It is in this context that I would like to outline some important archetypal figures that are related to the inner Journey. First of all we might look at the person of the Prophet, who is a messenger. Like the Guru, he is thought of as one who “shows the Way”. The Prophet bears a message, acting as an intermediary between the Cosmic Way, and the paths that human beings choose to tread. The Prophet is concerned with those who stray from the Eternal Way, and are lost in the tangled tracks that lead through a spiritual wilderness.

The way is associated with the Truth, and in that sense is also a kind of prophetic judgement on those who stray from the Path of Truth.

The Cosmic Way is the Truth, the ‘Dharma of Jesus’. The Sanskrit word ‘Dharma” implies that which is fixed,pre-ordained (Latin: Firma). It is like a pillar or Standard, which we are called to follow, like the Israelites in the desert were led by a pillar of Fire. The pillar is the Stauros (the Greek word that is translated as Cross in many parts of the New Testament) which in Sanskrit would be the Sthamba, like the Pillar of Ashoka, on which he set his edicts.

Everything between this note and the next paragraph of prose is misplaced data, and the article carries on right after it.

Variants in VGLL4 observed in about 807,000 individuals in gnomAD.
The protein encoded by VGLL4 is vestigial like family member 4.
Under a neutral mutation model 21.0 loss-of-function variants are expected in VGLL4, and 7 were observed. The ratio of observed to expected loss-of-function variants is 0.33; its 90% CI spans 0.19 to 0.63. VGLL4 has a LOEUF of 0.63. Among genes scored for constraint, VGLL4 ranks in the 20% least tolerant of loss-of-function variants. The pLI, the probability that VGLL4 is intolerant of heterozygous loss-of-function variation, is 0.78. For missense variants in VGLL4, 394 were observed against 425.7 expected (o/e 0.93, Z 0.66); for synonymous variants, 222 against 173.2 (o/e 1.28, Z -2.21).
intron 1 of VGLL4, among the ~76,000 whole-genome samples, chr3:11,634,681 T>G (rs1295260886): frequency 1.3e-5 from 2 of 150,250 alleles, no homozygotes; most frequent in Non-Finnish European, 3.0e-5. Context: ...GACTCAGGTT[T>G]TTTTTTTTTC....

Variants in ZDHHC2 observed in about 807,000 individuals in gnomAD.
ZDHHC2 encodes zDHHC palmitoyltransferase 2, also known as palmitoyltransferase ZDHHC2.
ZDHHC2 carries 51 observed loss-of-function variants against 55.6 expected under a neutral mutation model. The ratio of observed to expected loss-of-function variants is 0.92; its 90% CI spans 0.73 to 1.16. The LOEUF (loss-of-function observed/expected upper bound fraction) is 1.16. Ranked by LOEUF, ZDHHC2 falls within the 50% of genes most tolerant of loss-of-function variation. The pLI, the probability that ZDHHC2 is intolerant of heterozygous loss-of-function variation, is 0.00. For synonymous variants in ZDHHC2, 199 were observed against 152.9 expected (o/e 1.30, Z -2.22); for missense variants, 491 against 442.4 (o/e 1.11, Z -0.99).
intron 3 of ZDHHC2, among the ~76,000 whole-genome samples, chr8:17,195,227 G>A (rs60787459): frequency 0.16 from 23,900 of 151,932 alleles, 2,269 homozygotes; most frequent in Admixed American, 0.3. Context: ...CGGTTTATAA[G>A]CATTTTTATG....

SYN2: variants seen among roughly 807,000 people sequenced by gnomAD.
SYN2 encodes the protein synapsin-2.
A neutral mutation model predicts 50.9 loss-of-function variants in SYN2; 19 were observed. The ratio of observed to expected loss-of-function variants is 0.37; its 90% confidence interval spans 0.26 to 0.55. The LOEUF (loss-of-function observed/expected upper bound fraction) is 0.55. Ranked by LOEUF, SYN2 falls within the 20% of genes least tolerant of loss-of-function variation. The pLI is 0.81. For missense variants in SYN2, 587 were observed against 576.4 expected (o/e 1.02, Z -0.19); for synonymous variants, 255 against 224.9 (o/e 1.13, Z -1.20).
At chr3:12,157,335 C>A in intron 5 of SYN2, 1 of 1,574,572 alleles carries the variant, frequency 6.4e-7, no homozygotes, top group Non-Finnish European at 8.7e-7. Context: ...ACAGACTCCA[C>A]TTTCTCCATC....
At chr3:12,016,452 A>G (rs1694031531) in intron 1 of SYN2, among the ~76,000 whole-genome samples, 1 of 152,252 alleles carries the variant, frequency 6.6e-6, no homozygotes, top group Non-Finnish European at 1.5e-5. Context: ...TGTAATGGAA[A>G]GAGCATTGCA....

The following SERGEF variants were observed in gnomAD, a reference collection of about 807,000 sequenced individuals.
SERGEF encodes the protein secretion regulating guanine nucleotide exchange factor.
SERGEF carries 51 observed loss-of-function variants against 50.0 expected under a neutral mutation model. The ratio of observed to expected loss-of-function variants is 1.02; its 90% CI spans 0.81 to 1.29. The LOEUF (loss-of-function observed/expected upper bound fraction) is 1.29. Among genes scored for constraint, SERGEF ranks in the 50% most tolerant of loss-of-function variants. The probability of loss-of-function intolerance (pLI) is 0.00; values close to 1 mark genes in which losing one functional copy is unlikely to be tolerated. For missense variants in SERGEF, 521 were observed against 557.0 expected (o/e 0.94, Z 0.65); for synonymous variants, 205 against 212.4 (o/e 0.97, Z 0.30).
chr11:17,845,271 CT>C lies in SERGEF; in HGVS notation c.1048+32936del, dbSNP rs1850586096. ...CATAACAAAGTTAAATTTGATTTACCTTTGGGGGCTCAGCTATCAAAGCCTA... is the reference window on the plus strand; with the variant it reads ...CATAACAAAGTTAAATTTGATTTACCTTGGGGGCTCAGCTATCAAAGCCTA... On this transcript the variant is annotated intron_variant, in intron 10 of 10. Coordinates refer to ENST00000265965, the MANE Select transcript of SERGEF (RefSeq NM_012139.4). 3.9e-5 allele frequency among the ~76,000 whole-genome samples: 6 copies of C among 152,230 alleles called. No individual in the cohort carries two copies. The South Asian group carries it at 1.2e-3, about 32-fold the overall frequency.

The seat of Judgement, where Pilate takes up his official place in the courtyard of his residence, is on the pavement where those who are condemned are brought before his authority. Here the path is itself the place where popular justice is made public. Already the place where Jesus stands condemned, is on the Way.

The Indian mystic Kabira (15th Century weaver of Benares), said that he stood in the market place,--he did not retire to some secluded or other-worldy place to meditate in peace, avoiding the crowded streets of the city. The spirituality of the Way of the Cross is a public thoroughfare. It is not a secret, or esoteric path. Jesus walks on the road that everybody uses—the main street of the city. What the Prophet witnesses to, is an integrity, which is concerned with changing the ways of every human being, and the manner they interact or do business with each other, in the public domain.

The path that Jesus has to take leads out from the ruined place where Justice in a worldly sense is announced to the people. The city that is supposed to represent order, and the rule of what is right, is itself a place of destruction, and desolation.